Broker

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For other uses, see Broker (disambiguation).
For the not-for-profit organization "the Brokerage", see The Brokerage Citylink.

A broker is an individual or party (brokerage firm) that arranges transactions between a buyer and a seller for a commission when the deal is executed. A broker who also acts as a seller or as a buyer becomes a principal party to the deal. Distinguish agent—one who acts on behalf of a principal.[1]

What is a broker?[edit]

In general, a broker is an independent agent used extensively in some industries. A broker's prime responsibility is to bring sellers and buyers together and thus a broker is the third-person facilitator between a buyer and a seller. An example would be a real estate broker who facilitates the sale of a property.[1]

Brokers also can furnish market information regarding prices, products, and market conditions. Brokers may represent either the seller (90% of the time) or the buyer (10%) but not both at the same time. An example would be a stockbroker, who makes the sale or purchase of securities on behalf of his client. Brokers play a huge role in the sale of stocks, bonds, and other financial services.[1]

There are advantages to using a broker. First, they know their market and have already established relations with prospective accounts. Brokers have the tools and resources to reach the largest possible base of buyers. They then screen these potential buyers for revenue that would support the potential acquisition. An individual producer, on the other hand, especially one new in the market, probably will not have the same access to customers as a broker. Another benefit of using a broker is cost—they might be cheaper in smaller markets, with smaller accounts, or with a limited line of products.[1]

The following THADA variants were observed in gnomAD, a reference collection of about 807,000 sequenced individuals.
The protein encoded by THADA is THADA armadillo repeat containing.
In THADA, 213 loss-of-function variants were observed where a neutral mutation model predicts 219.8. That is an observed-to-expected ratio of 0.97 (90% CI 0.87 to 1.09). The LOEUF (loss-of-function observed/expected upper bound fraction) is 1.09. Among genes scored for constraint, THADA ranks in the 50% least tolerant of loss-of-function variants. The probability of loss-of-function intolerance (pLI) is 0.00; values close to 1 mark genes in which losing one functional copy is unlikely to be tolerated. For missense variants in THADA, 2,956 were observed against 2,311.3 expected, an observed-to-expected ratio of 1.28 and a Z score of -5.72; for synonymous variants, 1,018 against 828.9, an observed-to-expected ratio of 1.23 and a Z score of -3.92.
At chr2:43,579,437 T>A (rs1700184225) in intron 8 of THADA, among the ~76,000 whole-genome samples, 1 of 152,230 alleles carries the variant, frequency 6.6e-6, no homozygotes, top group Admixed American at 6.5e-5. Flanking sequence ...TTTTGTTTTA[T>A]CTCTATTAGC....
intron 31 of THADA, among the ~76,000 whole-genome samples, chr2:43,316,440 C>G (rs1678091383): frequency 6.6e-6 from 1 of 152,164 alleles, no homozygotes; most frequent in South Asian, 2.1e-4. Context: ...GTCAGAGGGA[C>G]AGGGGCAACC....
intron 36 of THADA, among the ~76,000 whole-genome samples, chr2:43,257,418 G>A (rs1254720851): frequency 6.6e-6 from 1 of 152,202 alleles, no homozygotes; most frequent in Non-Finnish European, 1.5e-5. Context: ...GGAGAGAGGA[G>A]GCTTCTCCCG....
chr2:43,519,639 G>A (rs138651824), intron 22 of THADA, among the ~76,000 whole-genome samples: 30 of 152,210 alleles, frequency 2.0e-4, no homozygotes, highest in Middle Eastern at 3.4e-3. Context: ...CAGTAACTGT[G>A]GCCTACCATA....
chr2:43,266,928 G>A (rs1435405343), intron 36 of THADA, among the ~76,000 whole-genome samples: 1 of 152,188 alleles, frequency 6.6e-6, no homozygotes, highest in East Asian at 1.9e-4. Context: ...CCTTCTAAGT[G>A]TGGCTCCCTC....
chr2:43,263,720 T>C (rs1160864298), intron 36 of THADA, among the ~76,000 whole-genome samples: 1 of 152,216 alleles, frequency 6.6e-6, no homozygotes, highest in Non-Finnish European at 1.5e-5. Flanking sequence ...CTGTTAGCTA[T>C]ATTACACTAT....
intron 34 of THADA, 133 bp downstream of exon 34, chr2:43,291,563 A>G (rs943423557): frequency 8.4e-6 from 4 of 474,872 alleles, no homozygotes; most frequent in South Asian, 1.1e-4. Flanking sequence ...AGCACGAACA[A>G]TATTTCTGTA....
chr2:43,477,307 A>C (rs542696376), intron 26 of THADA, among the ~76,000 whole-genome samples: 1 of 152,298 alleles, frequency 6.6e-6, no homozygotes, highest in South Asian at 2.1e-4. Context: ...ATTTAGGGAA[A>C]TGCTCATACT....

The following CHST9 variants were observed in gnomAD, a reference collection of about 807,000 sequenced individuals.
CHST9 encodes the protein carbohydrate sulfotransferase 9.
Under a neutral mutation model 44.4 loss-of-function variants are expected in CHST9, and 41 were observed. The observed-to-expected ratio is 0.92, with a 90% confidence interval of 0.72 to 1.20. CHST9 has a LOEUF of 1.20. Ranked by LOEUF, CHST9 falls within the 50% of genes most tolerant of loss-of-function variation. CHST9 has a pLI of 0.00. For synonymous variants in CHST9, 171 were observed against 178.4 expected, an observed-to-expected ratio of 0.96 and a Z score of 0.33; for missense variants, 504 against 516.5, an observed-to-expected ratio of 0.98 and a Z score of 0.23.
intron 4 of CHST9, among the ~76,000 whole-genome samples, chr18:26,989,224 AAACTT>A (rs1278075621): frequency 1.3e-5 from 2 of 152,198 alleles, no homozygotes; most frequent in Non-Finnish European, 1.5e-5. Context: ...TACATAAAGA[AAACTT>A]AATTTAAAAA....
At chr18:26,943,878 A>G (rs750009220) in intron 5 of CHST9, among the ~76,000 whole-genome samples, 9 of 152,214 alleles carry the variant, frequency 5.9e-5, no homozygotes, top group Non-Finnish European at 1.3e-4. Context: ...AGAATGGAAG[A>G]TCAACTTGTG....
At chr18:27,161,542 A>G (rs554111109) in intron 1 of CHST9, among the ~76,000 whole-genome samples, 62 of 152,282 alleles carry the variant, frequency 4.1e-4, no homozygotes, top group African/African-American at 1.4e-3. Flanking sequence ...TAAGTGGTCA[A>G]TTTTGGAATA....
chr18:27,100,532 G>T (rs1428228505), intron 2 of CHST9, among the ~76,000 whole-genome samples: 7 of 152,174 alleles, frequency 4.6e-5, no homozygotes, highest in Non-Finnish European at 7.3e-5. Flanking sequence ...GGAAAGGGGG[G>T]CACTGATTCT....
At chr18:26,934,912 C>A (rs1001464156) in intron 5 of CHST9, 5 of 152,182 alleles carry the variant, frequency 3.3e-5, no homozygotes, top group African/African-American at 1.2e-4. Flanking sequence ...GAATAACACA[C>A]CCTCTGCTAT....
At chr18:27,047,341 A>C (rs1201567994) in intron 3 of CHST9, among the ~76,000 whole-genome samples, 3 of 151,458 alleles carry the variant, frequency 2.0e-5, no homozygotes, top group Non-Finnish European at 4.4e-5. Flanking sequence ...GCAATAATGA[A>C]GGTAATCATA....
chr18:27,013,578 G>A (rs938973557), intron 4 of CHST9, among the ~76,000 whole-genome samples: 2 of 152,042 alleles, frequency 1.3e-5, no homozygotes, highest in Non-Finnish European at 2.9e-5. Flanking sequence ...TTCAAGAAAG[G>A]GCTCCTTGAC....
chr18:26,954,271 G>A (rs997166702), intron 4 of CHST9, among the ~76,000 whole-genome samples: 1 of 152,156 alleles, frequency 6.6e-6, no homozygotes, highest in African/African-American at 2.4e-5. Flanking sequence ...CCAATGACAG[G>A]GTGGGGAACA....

Before hiring a broker, it may be considered prudent to research the requirements relating to someone using the title. Some titles, such as Real Estate Brokers, often have strict state requirements for using the term, while others, such as Aircraft Brokers, typically have no formal licensing or training requirements.[2]

Etymology[edit]

The word "broker" derives from Old French broceur "small trader", of uncertain origin, but possibly from Old French brocheor meaning "wine retailer", which comes from the verb brochier, or "to broach (a keg)".[3]

Types of brokers[edit]

References[edit]

  1. ^ a b c d Spiro, Rosann L., William J. Stanton, and Gregory A. Rich. Management of a Sales Force. 12th ed. Boston: McGraw-Hill/Irwin, 2003
  2. ^ "International Certified Aircraft Sales Professionals". ICASP.org. International Certified Aircraft Sales Professionals. Retrieved 2013-05-27. 
  3. ^ Harper, Douglas. "broker". Online Etymology Dictionary. Retrieved 2010-04-10. 
  4. ^ http://www.wassenaar.org/guidelines/docs/Elts_for_effective_legislation_on_arms_brokering.pdf